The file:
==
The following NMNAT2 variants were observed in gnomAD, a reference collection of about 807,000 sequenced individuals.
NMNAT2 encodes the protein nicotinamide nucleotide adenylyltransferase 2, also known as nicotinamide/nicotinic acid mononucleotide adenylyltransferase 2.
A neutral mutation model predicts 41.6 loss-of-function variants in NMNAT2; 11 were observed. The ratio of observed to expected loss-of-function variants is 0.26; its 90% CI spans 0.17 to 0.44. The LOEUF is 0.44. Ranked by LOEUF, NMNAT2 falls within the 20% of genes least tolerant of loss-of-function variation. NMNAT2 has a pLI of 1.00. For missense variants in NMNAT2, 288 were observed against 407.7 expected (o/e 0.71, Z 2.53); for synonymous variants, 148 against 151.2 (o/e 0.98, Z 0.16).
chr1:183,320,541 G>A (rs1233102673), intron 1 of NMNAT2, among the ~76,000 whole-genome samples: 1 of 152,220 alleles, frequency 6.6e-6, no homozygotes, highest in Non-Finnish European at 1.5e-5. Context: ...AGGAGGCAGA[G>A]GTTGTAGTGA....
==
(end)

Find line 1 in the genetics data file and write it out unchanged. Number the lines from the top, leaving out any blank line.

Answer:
The following NMNAT2 variants were observed in gnomAD, a reference collection of about 807,000 sequenced individuals.